Without “Quiet Time” I don’t think I’d make it through the week! As a stay at home mom (survivor) and homeschooling veteran I feel like I should share how I manage my four different kids so I can get some silence during the day.

Sweet sweet silence. My introvert soul craves it. We can be having the best day and yet by the end of it I’ll get grouchy and tired without a stimulous break. I’m not saying every day the stars align and I get this gift, but it is definitely something I’m diligent about imposing if we’re going to be home all day.

It’s not just for me. My kids definitely benefit too. Some of them love structure and some of them don’t. The quiet alone time gives them some time rest too. For the ones that need freedom I to to give them more free play time to be loud and wiggly before or after. This is not their favorite part of the day, but it’s still necessary for them.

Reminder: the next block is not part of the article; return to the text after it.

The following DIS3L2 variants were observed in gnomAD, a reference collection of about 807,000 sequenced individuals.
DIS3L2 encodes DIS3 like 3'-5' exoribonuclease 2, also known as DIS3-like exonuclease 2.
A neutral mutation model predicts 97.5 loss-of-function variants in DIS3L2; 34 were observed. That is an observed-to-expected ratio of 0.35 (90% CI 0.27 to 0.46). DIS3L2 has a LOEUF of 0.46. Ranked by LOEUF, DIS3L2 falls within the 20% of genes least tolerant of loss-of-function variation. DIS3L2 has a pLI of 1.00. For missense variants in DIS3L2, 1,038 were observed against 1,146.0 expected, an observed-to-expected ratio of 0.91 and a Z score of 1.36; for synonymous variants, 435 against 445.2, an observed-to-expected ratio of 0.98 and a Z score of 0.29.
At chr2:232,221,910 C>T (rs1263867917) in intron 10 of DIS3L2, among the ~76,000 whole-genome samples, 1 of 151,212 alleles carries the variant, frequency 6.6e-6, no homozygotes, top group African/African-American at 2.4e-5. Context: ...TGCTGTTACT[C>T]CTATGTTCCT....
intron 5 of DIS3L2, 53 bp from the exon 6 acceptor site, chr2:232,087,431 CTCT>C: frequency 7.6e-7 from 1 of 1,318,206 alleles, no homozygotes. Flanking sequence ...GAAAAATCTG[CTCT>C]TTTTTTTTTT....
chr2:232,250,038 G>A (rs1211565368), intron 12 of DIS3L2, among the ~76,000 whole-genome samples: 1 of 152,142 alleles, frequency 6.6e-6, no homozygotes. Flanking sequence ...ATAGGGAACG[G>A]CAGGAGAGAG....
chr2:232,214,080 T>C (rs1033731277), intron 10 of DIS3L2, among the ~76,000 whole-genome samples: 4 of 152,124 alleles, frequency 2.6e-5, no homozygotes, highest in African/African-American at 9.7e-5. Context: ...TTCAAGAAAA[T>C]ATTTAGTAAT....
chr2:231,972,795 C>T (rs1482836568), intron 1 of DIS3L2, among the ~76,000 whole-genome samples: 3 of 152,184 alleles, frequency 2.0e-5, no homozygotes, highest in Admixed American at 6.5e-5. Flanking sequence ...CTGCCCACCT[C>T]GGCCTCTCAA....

Quiet time is easiest to transition to straight out of infancy into toddler-hood by just continuing that afternoon or morning nap as a rest time. Sometimes they’ll fall asleep and sometimes they won’t. During the winter its such a great way of helping their bodies fight germs too.

If you haven’t had a quiet time habit, or because of the school shut down are now wanting to start one, here are my suggestions.

  1. Start short! Don’t force your 6 or 9 year old to be calm and quiet for an hour and half when they’re used to doing something else. Depending on their age and willingness start with 15-30 minutes and build from there.
  2. Keep everyone seperate. For large families this can be tricky. But as much as you can give everyone space so they aren’t tempted to talk to each other or play together. This is suppose to keep you from having to referee.
  3. No mess, no stress. Give them or allow them to do things that won’t create stress for you worrying about what mess it might make. Maybe forgo the playdoh, art project, slime, silly puddy, glitter, glue, beads, etc. You get the picture. Even if they’re old enough to use it reponsibily they might interupt your rest to ask you for something. This should be total independent time.

Quiet time will not happen on it’s own. Please don’t expect your kids to comply easily when you haven’t been practicing this. It’s going to be an adjustment. Be patient. They’ll need consistency to accept that it’s a new part of the routine.

For the visual learners here’s how we do quiet time in our house.

I hope this helps! Stay sane friends!

Love,

Ginny